How To Wipe Out Puerto Rico’s Debt Without Hurting Bondholders

During his visit to hurricane-stricken Puerto Rico, President Donald Trump shocked the bond market when he told Geraldo Rivera of Fox News that he was going to wipe out the island’s bond debt. He said on October 3rd:

You know they owe a lot of money to your friends on Wall Street. We’re gonna have to wipe that out. That’s gonna have to be — you know, you can say goodbye to that. I don’t know if it’s Goldman Sachs but whoever it is, you can wave good-bye to that.

How did the president plan to pull this off? Pam Martens and Russ Martens, writing in Wall Street on Parade, note that the U.S. municipal bond market holds $3.8 trillion in debt, and it is not just owned by Wall Street banks. Mom and pop retail investors are exposed to billions of dollars of potential losses through their holdings of Puerto Rican municipal bonds, either directly or in mutual funds. Wiping out Puerto Rico’s debt, they warned, could undermine confidence in the municipal bond market, causing bond interest rates to rise, imposing an additional burden on already-struggling states and municipalities across the country.

True, but the president was just pointing out the obvious. As economist Michael Hudson says, “Debts that can’t be paid won’t be paid.” Puerto Rico is bankrupt, its economy destroyed. In fact, it is currently in bankruptcy proceedings with its creditors. Which suggests its time for some more out-of-the-box thinking . . . .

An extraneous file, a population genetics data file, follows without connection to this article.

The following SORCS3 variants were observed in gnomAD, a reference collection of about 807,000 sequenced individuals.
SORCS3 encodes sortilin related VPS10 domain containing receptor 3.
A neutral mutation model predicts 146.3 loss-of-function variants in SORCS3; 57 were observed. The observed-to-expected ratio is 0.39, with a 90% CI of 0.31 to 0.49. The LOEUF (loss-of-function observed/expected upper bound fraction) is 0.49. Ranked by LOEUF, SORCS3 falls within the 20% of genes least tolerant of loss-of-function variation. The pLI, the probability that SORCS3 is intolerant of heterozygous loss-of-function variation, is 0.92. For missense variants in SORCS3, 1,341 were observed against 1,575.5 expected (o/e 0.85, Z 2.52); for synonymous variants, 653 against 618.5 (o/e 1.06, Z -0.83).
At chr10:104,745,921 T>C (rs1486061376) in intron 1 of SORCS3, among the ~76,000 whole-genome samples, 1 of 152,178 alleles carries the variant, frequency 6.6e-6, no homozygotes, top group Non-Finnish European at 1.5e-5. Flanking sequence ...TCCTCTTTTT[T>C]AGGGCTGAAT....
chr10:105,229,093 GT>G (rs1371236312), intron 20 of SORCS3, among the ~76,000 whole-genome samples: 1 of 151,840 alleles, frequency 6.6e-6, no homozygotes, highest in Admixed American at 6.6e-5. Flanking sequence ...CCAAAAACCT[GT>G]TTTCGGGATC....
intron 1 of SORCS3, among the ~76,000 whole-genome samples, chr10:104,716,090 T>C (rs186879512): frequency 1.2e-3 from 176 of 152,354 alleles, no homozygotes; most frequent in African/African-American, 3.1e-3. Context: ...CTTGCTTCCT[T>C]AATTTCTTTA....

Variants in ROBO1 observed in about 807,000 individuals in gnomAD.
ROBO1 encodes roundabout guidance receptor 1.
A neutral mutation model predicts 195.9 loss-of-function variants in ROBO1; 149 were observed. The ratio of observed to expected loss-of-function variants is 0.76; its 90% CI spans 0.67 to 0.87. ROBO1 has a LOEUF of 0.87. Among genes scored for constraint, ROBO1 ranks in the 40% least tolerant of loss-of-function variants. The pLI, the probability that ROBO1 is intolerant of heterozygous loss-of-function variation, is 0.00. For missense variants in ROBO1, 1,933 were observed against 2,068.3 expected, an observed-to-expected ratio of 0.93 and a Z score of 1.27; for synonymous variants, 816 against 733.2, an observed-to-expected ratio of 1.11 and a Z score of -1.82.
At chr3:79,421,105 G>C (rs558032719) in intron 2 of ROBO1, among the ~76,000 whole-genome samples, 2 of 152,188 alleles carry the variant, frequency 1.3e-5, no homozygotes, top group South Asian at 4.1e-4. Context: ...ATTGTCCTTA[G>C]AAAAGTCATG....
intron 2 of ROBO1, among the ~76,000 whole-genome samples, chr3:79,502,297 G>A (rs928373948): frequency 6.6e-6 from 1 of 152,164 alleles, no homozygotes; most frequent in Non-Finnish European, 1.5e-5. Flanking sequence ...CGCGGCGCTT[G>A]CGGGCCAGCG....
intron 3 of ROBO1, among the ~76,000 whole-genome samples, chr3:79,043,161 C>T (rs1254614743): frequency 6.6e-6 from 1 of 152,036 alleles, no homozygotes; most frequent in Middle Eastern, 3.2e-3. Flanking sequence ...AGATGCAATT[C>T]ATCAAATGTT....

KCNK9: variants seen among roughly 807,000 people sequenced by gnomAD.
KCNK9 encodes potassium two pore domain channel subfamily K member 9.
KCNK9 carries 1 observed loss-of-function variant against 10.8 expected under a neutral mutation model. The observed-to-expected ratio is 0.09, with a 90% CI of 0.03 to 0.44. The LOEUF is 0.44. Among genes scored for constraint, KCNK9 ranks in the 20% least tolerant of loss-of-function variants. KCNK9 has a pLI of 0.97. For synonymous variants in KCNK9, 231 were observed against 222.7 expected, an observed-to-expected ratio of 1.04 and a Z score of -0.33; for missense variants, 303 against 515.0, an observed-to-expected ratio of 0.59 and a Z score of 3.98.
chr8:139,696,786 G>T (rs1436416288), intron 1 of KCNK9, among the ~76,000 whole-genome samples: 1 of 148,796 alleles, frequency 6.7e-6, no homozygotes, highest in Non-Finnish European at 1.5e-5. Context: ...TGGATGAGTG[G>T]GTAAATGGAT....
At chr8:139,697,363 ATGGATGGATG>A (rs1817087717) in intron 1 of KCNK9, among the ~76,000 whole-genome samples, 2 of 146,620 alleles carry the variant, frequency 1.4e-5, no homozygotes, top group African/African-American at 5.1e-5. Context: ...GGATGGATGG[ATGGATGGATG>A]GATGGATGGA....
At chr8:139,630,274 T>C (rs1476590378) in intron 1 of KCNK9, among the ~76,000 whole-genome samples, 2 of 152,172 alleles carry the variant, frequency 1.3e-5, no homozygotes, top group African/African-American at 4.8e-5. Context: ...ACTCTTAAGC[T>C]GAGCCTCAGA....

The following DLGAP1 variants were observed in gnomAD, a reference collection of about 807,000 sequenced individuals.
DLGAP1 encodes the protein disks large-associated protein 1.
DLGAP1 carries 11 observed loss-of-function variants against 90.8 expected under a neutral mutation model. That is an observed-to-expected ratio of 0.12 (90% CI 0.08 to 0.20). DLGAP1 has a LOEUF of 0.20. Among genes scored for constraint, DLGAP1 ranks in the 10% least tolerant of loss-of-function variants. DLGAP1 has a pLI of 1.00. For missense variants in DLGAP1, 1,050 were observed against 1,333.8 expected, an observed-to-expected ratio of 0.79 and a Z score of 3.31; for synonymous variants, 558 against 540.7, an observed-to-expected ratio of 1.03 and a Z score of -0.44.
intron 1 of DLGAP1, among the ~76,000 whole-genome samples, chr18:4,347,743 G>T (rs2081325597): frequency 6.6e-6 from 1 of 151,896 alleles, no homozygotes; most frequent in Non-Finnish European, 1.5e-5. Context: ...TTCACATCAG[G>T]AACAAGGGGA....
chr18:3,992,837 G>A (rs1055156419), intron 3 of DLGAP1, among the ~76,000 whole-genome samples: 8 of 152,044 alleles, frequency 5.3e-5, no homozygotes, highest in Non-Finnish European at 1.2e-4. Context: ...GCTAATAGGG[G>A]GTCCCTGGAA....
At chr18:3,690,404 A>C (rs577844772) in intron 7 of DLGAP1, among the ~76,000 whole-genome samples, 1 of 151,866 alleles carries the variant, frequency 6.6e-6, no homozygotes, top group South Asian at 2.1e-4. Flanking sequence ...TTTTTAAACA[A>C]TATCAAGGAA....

Turning Disaster into a Win-Win

In July 2016, a solution to this conundrum was suggested by the notorious Goldman Sachs itself, when mom and pop investors holding the bonds of bankrupt Italian banks were in jeopardy. Imposing losses on retail bondholders had proven to be politically toxic, after one man committed suicide. Some other solution had to be found.

Italy’s non-performing loans (NPLs) then stood at €210bn, at a time when the ECB was buying €120bn per year of outstanding Italian government bonds as part of its QE program. The July 2016 Financial Times quoted Goldman’s Francesco Garzarelli, who said, “by the time QE is over – not sooner than end 2017, on our baseline scenario – around a fifth of Italy’s public debt will be sitting on the Bank of Italy’s balance sheet.”

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